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Parabolic Problem

  1. Jan 28, 2009 #1
    1. The problem statement, all variables and given/known data
    Hey all, I'm trying to get caught up in my AP Physics class, (the book we're using is Giancoli Physics 6th Edition), so I am making notes and doing the problems at the end of the chapters. (I'm on Ch. 3 right now). I understand the concepts, but can't seem to do the problems! Here is one I am stuck on;
    #53 "William Tell must split the apple atop his son's head from a distance of 27m. When William aims directly at the apple, the arrow is horizontal. At what angle must he aim it to hit the apple if the arrow travels at a speed of 35 m/s?"

    2. Relevant equations

    3. The attempt at a solution
    Well, I drew out a diagram, and drew X and Y components for the Initial velocity (35m/s), but beyond that, I'm lost. Help appreciated!:biggrin:
  2. jcsd
  3. Jan 28, 2009 #2


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    You will need to break the velocity into its x,y components in terms of θ.

    The time to get there will be the Vx/Distance to apple.

    The time in the air going up and down is the same time, so figure from the Vy how long that would be.
    (Hint: won't it be twice the time to max height where Vy is momentarily 0?)

    Since the time must be equal ... then set the two equations equal.

    Now you have everything but θ
  4. Jan 28, 2009 #3
    Apologies for stepping on your toes lowly, but i'll post anyway seen as how i spent the time to write this out!

    I'd approach this problem as follows:

    1. Consider the vertical component of flight. The speed at which it initially travels vertically (at t=0) will be equal to [tex]\nu=35sin\theta[/tex]. Now we know that vertically, the arrow will travel up and down in a parabolic fashion however, the total vertical distance travelled by the arrow when it hits the apple will be 0 as we are told the arrow is on the same level as the apple.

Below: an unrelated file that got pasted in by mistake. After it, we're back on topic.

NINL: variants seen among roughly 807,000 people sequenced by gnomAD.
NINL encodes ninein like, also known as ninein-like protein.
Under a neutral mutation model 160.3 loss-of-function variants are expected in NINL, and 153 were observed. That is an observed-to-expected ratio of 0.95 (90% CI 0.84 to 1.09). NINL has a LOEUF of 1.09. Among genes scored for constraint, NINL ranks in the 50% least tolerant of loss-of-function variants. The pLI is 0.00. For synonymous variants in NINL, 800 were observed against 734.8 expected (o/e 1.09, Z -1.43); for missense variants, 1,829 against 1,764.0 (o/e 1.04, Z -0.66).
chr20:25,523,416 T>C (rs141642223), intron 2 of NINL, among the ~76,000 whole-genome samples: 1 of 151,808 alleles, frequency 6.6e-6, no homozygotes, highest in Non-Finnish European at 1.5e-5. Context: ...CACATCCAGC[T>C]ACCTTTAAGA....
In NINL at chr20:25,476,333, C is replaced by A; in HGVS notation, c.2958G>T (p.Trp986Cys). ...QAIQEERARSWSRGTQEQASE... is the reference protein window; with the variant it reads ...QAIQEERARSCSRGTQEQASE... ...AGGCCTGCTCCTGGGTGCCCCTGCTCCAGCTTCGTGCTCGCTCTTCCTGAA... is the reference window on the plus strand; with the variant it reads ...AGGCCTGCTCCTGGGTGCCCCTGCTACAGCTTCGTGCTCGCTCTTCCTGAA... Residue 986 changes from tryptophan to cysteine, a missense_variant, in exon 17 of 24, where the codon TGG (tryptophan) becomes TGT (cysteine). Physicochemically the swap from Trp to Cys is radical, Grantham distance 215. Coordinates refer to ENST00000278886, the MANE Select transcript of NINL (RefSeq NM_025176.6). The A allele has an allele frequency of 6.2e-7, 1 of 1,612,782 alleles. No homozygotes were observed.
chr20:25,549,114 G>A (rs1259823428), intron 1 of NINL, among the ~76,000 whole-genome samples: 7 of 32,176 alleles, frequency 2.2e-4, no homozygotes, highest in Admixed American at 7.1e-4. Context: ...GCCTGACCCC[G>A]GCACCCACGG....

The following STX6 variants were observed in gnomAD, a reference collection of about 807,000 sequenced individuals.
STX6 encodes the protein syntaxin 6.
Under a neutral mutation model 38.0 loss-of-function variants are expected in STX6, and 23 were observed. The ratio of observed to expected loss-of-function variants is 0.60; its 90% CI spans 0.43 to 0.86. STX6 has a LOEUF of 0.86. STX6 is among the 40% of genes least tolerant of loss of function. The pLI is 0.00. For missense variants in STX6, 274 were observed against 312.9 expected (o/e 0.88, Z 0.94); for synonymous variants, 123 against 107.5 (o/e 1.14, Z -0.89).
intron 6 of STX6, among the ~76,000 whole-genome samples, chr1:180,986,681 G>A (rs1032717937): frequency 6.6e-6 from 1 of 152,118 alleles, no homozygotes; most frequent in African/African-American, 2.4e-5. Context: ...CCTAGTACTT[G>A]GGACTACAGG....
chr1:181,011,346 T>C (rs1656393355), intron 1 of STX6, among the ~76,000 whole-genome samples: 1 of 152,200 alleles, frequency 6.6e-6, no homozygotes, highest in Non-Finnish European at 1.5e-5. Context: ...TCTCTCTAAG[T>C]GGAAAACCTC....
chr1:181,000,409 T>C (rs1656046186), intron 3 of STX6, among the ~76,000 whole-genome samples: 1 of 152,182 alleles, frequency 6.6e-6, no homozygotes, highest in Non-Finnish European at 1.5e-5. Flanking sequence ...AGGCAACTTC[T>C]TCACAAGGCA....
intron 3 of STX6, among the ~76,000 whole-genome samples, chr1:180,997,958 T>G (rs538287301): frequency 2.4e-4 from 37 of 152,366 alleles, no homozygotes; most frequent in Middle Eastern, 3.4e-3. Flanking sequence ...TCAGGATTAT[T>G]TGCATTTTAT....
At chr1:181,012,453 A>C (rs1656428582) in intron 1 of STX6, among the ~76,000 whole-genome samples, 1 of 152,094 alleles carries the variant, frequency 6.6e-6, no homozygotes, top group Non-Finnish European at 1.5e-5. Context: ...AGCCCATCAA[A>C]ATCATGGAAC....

Now use the first of our equations of motion for uniform acceleration and algebraically rearrange to find the time of flight of the arrow in terms of [tex]\theta[/tex]:

    [tex]& s & = ut + \tfrac12 at^2 \qquad[/tex]


    s represents the total distance travelled.
    u represents the vertical component of velocity, in this case [tex]u=35sin\theta[/tex].
    t represents the time of flight.
    a represents the acceleration of the arrow (think gravity..)

    2. Consider the horizontal component of flight. The speed at which it initially travels horizontally (at t=0) will be equal to [tex]\nu=35cos\theta[/tex]. Now remember, horizontally there is no acceleration! (we disregard air resistance for simplicity)

    Using the equation as previous, we can simplify to find that:

    [tex]& s & = ut [/tex]

    Now u represents the horizontal component of velocity, in this case [tex]u=35sin\theta[/tex]. We also know s(the horizontal distance travelled given in the question) and t in terms of theta from step 1.

    Put it all together, solve for [tex]\theta[/tex] et voila!
  5. Jan 28, 2009 #4
    Ugh. Sorry, but I don't understand.:frown:

    I pretty much understand all this:
    From then on, I just get more steadily lost.

    Edit: This really freakin annoys me cause we went over this in class months ago, and I still can't seem to remember fundamental equations or solve (relatively) simple problems.:frown:
    Last edited: Jan 28, 2009
  6. Jan 28, 2009 #5


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    The simpler approach is to think it through from the basics.

    You know he must launch at an angle or his son celebrates no more birthdays. That means that the velocity of the arrow to get there will be the Vx component of its velocity (35*cosθ) divided by the distance.

    You can figure that time of flight though because you know Vy = g*t, is the time to get to max height, Vy = 0. Now double that for the time to return to the same height. So that means t = 2*Vy/g.

    Now since the time of the 2 equations, (Vx,Vy), must be equal, the only unknown you have is the angle θ, in the trig functions that define Vx,Vy.
  7. Jan 28, 2009 #6
    See, I didn't know that. Why is this?
  8. Jan 28, 2009 #7


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    The problem tells you that the arrow is at the same level as the apple.

    If the arrow shoots at 35m/s horizontally, then to travel 27 m it will take .77s.

    But it will fall x in that time by

    x = 1/2*g*t2 = 1/2*9.8*.6 = 2.9 m

    OK. So the boy is safe, but the apple is untouched.

    So you know he will only launch it at 35m/s and it will then be at an angle up to account for the time drop. So his Vx will be given by 35Cosθ and the Vy will then be 35Sinθ.

    So go from there.
  9. Jan 29, 2009 #8


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    Newton's second law

    Hi doogerjr! :smile:
    'cos good ol' Newton's second law :approve: says since there is no horizontal component of acceleration, the horizontal component of velocity must be constant …

    so Vx is always V0cosθ :wink:
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